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Multi-Layer High-Def DVD Technology (9/2005)
    (Blu-ray Disc and HD DVD)

    by Douglas Dixon

High-Def DVD and Dual Layers
Hybrid Discs
Even More Layers
More Storage
References

How much capacity is enough? The move from floppy discs to CD was a huge jump -- a 600X improvement (from around 1 to 650 MB). While not as larger a jump, the 6X improvement from CD to DVD (to 4.7 GB), had the benefit of maintaining form factor compatibility with the previous generation. That same compatibility choice has been made in moving to the next generation of high-definition blue-laser DVD, which promises an even smaller step to another 3X to 5X capacity improvement (15 to 25 GB per layer, for HD DVD and Blu-ray Disc).

But is 15 to 25 GB really enough for high-definition movies? Well, moving from standard-definition to high-def requires a 6X increase in capacity (from 720 x 470 SD up to 1920 x 1080 HD). But these new formats are not just about raw capacity; they also will using more advanced MPEG-4 or Windows Media Video compression to reduce the video size, so it looks like the additional 3X to 5X improvement in raw capacity should be enough.

However, many of today's movies are delivered on 8.5 GB dual-layer DVD-9 discs, and often include lots of bonus materials and data, so there's still a need for additional space. As a result, both these format are coming to the market supporting dual-layer formats, providing 30 to 50 GB per disc. But why stop at two layers? Echoing hybrid formats like SACD and Dual Disc, both formats are promising dual-format discs that provide both red-layer DVD and blue-laser high-def DVD content, with the possibilities of multiple layers of each. And both are discussing more layers of HD content -- 2 to 3 to 4 to maybe 8 -- promising 45 up to 100 to 200 GB per disc!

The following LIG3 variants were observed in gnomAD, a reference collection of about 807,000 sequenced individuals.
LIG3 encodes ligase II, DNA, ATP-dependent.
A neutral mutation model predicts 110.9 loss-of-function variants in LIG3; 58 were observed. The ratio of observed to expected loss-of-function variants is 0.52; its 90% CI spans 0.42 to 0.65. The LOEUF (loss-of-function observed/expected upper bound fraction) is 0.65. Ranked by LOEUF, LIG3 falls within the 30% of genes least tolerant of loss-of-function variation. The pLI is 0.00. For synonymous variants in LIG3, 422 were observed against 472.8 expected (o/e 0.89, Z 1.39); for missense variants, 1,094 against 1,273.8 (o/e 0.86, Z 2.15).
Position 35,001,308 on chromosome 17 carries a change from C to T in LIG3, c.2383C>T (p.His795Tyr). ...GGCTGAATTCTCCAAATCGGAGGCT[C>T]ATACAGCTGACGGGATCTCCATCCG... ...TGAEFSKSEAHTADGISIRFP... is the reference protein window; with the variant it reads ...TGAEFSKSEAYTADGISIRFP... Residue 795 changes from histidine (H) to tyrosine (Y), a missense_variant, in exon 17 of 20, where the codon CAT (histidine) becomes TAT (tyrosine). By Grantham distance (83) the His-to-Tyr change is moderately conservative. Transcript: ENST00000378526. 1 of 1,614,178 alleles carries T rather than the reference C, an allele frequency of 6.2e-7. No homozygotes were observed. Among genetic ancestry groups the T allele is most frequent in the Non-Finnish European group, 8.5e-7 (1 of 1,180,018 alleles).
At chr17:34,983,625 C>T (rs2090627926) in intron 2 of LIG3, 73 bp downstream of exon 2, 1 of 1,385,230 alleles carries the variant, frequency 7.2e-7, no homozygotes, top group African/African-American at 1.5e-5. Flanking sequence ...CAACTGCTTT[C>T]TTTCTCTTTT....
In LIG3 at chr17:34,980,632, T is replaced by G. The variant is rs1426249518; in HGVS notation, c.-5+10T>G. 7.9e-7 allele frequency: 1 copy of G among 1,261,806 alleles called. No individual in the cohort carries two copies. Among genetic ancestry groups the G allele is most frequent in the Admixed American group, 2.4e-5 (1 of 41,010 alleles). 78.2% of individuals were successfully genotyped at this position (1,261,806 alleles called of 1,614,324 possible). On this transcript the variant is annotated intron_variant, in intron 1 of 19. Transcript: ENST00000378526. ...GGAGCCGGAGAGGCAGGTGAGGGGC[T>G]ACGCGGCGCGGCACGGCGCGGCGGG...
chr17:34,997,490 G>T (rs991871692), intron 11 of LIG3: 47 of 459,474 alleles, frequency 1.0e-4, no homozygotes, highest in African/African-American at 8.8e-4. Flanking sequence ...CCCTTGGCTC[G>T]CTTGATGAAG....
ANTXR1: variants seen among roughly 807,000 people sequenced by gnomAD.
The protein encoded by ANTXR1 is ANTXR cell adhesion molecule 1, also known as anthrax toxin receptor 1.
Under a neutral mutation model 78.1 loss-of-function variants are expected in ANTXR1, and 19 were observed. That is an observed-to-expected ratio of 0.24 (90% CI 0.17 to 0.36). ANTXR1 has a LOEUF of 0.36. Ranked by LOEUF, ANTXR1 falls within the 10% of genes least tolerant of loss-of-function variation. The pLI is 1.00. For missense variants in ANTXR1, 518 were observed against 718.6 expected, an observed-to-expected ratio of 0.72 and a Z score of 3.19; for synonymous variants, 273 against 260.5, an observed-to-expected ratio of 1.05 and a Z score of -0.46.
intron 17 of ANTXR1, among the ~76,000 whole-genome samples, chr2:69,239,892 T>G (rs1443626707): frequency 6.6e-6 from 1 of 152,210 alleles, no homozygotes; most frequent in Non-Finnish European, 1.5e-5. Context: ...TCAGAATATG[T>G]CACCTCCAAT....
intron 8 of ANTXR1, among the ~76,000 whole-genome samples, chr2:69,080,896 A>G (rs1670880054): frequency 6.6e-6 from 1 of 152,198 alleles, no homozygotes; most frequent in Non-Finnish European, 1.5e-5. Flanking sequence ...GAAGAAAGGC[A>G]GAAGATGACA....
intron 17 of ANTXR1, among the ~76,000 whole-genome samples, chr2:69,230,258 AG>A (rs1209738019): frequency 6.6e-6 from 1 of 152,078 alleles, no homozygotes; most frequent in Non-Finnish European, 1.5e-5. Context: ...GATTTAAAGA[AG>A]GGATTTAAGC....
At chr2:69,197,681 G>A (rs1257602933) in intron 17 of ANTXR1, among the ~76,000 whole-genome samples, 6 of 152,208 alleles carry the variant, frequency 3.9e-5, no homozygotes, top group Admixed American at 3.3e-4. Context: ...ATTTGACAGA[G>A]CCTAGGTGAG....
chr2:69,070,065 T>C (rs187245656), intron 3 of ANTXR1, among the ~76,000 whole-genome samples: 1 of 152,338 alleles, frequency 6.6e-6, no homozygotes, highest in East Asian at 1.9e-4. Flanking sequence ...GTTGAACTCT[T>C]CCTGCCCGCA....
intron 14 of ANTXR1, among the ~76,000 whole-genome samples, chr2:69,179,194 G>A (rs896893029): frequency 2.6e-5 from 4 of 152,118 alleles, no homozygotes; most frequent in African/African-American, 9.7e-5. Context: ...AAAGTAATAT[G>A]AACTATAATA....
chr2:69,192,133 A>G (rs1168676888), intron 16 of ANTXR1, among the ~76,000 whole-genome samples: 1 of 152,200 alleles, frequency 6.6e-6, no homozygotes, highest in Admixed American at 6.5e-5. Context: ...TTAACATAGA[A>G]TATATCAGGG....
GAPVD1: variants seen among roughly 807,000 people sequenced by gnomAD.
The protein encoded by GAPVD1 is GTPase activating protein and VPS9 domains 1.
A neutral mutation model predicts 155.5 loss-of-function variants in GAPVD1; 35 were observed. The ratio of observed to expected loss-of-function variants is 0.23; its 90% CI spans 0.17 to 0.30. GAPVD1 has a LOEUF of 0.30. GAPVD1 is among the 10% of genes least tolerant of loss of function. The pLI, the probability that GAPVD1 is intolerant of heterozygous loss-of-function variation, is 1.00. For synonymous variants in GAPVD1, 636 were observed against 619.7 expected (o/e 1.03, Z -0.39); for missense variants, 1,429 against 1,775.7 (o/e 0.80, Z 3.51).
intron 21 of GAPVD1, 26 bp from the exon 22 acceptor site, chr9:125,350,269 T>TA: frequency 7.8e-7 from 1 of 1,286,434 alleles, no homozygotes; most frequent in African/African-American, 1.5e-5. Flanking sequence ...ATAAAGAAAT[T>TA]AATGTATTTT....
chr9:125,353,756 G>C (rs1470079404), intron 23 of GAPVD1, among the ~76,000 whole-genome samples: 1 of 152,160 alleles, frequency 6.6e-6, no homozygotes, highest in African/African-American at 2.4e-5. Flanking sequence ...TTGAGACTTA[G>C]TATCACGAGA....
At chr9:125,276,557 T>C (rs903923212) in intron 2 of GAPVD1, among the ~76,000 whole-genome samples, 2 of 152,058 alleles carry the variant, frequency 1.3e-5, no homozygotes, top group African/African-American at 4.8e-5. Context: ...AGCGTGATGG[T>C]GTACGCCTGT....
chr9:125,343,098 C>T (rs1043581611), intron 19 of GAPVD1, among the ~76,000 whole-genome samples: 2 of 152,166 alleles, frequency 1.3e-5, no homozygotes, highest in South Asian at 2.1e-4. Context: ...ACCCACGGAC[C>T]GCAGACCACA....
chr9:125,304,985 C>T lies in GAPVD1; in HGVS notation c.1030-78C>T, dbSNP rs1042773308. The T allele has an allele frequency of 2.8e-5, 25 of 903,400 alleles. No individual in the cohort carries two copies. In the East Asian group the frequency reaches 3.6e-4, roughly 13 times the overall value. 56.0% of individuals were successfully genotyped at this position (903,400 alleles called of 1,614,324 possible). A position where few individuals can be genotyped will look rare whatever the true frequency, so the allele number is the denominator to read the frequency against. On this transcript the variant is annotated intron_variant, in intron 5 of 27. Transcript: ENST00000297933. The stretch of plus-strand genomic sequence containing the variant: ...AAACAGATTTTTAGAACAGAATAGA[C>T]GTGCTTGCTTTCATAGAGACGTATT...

The possibilities for multi-layer high-def DVD discs were discussed at the Next Generation DVD Summit, sponsored by the DVD Association (DVDA, www.dvda.org) coordination with the National Institute of Standards and Technology (NIST, www.nist.gov) in Gaithersburg, Maryland in June 2005 (www.dvda.org/html/nist-conference.php).

The speakers included Mark Knox, technical advisor to the HD DVD Promotion Group (www.hddvdprg.com), and Tony Jasionowski, senior group manager at Panasonic and Blu-Ray Disc Alliance spokesman (www.blu-raydisc.com).

High-Def DVD and Dual Layers

Both blue-laser formats have defined base formats in both single-layer and dual-layer versions.

The HD DVD format actually starts with today's dual-layer red-layer DVD 9 format, but with containing data stored in HD DVD format and the high-def video compressed using the approved codecs, H.264 (MPEG-4, www.mpegif.org) or VC1 (Microsoft Windows Media 9, www.microsoft.com/windows/windowsmedia).

Says Knox, "Since the physical format is the same as today's DVD 9, this will be the least expensive option to provide HD content. The capacity of 8.5 GB provides up to two hours of HD content if you use as the codecs."

The base HD DVD disc then is the HD DVD 15, with a single 15 GB layer (or some four hours of HD content). The dual-layer HD DVD 30 format then provides 30 GB (eight hours). The specifications for both these formats have been approved by the DVD Forum, and they will be available later this year. The cost for single-layer discs, says Knox, is "a few pennies more than today's single-layer DVD," while the dual-layer format is "about 10 to 15 percent more than a DVD 9." Both formats can be produced on the same production equipment as standard DVD. Millions of the single-layer and a half-million dual-layer HD DVD discs have been manufactured for testing, and have been used for demonstrations since January.

   

        Multi-Layer HD DVD-ROM

Similarly, the Blu-ray Disc (BD) format includes both single-layer (25 GB) and dual-layer (50 GB) formats for ROM and recordable discs. Sony already has been selling high-end Blu-ray set-top recorders in Japan, and is using Blu-ray for its ProData professional data disc line and the XDCAM professional disc camcorder line. And Sony has announced that the next PlayStation 3 (PS3) computer entertainment system will adopt the Blu-ray Disc ROM (BD-ROM) disc format.

   

        BD-ROM Dual / BD-ROM Quad